2.2 Total budget by fund and theme

2.3 Summary of investment plans

Green transition, energy security and competitiveness

€417 million from the European Regional and Development Fund (ERDF) and the Cohesion Fund will contribute to make small and medium businesses become more innovative, digital and competitive, and boost a smarter and low carbon economy.

An important share of the funds will be invested in ensuring energy efficiency and energy storage capacity in the country thanks to the development of a second electricity interconnector to Italy in the form of a high-voltage cable running under the sea. This will increase electricity supply and security and help reduce greenhouse gas emissions.

Moreover, €23.3 million from the Just Transition Fund (JTF) will be invested in electricity power supplies to help decarbonizing the Grand Harbour and Malta Freeport.

An inclusive labour market, education and healthcare

Young people and women will have better access to employment thanks to over €124.4 million under the European Social Fund Plus (ESF+). This fund will also support innovative teaching methods and learning tools, inclusive education for vulnerable groups, such as children with disabilities, and education in the green and digital transition fields.

Moreover, Malta will support active inclusion, equal opportunities and non-discrimination of disadvantaged groups, such as persons with disabilities. Food aid will also be offered to the most deprived. In addition, Malta will invest in its health systems, by providing training to workers in healthcare, social protection and care, rolling out awareness-raising campaigns on healthy lifestyles and wellbeing, and investing in health research.

Sustainable fishery

€21.8 million from the European Maritime, Fisheries and Aquaculture Fund (EMFAF) will foster the growth of a sustainable blue economy, improve the resilience of the fisheries sector, and facilitate the sector’s green transition by restoring and conserving aquatic biological resources and promoting sustainable aquaculture.


3.1 Development challenges and opportunities for malta

Malta is one of the most densely populated MS within the EU. Population density is ever-increasing as more economic migrants are settling in Malta. In addition, the heavy increase in inbound tourism experienced in Malta since 2014 is another important factor impinging on the country’s economy; increasing the pressure on its environment, infrastructure and services. Malta has a predominantly ageing population on the one hand but, on the other hand, the number of children and youngsters has decreased, with Malta registering one of the lowest fertility rates in Europe.

In line with worldwide trends, inbound tourism has suffered a significant setback due to the COVID-19 pandemic. The pandemic has had an unprecedented impact on the Maltese economy and its public finances. This required Government intervention to support the economy and ensure that the crisis does not result in long lasting damage to the country’s financial sustainability. The measures introduced by Government in response to the pandemic, together with the resilience of the labour market ensured that high levels of employment were retained.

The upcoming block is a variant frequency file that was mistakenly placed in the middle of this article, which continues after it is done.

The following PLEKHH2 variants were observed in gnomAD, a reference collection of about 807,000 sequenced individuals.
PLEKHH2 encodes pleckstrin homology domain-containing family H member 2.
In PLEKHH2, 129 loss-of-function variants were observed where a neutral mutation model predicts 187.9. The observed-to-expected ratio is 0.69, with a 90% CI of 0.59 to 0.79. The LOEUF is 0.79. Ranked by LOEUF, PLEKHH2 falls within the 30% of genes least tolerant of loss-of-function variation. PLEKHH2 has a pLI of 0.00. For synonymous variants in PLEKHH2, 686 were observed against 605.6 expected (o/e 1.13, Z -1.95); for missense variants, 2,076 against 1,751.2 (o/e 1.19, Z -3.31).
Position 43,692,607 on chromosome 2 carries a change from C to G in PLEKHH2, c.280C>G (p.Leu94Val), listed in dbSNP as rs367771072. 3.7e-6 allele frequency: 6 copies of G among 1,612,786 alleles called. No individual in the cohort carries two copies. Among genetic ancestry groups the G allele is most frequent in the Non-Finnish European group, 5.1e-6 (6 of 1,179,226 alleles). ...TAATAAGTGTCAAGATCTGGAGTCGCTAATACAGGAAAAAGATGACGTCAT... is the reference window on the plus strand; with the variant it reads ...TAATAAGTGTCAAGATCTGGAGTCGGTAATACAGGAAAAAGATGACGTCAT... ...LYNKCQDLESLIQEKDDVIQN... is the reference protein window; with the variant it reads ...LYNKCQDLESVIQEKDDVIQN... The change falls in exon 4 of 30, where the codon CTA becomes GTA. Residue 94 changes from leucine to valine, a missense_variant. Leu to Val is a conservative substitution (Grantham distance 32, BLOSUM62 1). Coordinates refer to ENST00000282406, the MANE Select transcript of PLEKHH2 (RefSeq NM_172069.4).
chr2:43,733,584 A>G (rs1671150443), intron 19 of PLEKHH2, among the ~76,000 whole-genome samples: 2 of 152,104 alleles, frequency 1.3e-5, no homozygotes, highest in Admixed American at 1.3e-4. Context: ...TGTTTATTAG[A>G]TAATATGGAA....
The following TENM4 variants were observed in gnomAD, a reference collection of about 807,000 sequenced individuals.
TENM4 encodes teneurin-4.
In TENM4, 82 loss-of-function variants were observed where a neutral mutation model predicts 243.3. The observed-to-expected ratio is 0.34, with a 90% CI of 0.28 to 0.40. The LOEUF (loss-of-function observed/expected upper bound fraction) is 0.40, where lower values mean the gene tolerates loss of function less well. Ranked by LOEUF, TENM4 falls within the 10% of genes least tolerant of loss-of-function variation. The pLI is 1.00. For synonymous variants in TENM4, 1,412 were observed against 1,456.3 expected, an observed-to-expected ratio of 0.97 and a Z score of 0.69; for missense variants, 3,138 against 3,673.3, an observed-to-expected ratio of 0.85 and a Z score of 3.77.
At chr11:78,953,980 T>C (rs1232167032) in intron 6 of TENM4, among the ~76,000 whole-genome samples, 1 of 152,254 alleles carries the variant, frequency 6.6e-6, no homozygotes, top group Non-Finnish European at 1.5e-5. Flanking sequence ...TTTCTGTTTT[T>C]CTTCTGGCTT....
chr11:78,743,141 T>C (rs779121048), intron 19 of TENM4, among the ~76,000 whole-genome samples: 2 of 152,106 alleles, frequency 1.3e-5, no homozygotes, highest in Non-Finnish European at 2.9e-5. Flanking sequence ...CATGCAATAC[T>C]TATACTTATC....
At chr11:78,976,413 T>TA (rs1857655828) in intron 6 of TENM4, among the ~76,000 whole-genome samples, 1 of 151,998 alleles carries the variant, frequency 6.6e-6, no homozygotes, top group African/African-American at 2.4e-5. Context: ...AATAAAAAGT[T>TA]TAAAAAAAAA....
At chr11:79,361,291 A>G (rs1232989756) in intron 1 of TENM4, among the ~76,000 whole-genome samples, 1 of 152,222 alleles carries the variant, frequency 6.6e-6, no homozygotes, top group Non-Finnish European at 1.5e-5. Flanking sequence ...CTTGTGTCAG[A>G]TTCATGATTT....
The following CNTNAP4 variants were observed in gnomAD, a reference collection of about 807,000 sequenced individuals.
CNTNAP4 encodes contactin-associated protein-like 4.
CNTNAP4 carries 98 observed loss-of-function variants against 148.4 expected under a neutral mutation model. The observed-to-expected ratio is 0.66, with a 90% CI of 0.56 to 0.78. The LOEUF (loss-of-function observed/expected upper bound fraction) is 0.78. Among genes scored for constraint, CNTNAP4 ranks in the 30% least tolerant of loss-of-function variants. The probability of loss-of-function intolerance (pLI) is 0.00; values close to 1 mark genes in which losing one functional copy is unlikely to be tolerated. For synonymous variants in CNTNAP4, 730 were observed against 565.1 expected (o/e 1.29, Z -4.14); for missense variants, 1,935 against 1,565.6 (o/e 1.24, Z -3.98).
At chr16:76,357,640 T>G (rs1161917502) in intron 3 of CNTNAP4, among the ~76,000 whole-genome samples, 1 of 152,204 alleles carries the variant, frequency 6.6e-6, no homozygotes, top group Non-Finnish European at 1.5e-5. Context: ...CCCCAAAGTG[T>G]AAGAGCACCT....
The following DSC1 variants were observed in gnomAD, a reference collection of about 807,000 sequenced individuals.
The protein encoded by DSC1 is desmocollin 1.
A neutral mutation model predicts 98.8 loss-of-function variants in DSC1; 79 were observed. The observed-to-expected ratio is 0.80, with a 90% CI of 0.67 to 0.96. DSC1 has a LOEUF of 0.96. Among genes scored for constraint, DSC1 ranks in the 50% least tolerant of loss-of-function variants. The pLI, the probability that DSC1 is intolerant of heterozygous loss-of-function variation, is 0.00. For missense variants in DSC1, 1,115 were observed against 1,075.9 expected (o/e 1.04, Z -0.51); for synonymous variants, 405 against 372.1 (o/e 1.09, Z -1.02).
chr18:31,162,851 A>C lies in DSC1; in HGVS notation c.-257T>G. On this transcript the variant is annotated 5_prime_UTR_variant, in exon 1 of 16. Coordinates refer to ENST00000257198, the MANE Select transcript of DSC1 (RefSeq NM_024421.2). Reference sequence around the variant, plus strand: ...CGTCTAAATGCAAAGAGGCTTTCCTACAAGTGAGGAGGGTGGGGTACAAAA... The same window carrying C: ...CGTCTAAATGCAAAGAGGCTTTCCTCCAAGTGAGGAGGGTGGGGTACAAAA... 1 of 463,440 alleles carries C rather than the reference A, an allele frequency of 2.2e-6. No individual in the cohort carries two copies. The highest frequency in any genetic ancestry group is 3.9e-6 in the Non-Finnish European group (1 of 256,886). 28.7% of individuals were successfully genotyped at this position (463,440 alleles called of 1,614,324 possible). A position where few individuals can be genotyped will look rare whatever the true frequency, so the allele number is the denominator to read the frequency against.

3.2 Socioeconomic Needs

Labour market

The performance of the Maltese labour market has experienced significant growth over the past years, with increasing employment rates and low unemployment rates. The links between gender and specific types of economic activity is still evident. Employment levels by males is predominant in most economic activities with a high prevalence in manufacturing and construction. Female employment registers higher in finance and insurance; education; and human health and social work. Employment in Gozo increased between 2009-2019; with the highest share of employees working in market services. Similarly, the level of jobseekers decreased in the past years. The latest economic projections produced by the Ministry for Finance and Employment suggest that the Maltese economy is expected to resume its positive performance and growth.

Employment rates and gender

In 2019, Malta had the highest gender employment gap in the EU-27. In fact in 2019, male employment was 7.5% higher than the EU-27 average, while female employment was 1.5% lower. The Government’s free childcare scheme, which provides free childcare services to parents/guardians who are either gainfully employed or are still pursuing an education, together with other ‘making work pay’ initiatives, has served as an important contributor towards the increase in female employment rates. Although the greatest gender pay gap is observed in the 65+ age bracket, it is still noticeably high in other age groups. With regards to self-employment, the female component remains comparatively low. There is therefore scope for further efforts to promote self-employment and sustain the increasing growth of female persons in employment.

Youth employment and elderly participation in the labor market

Malta has registered considerable improvements about youths not in employment, education, or training. In this regard, the Youth Guarantee Scheme, launched in 2016, has contributed towards improved employment rates for youths through the provision of good quality opportunities in education, traineeships, or employment. Nevertheless, Malta’s efforts to ensure increases in youth employment and decreases in the respective unemployment, need to be sustained in line with the new Youth Employment Policy that is currently being developed.

The Mature Workers Scheme, launched in 2014, is directed towards employers recruiting personnel aged 45-65 who have been registering for work. Although the activity rate for the 55-64 age group has increased since then, the local average is still significantly lower than the EU-27 average. In this regard, sustaining and increasing employment participation rates for different target groups, especially in terms of female employment and the elderly, remains important.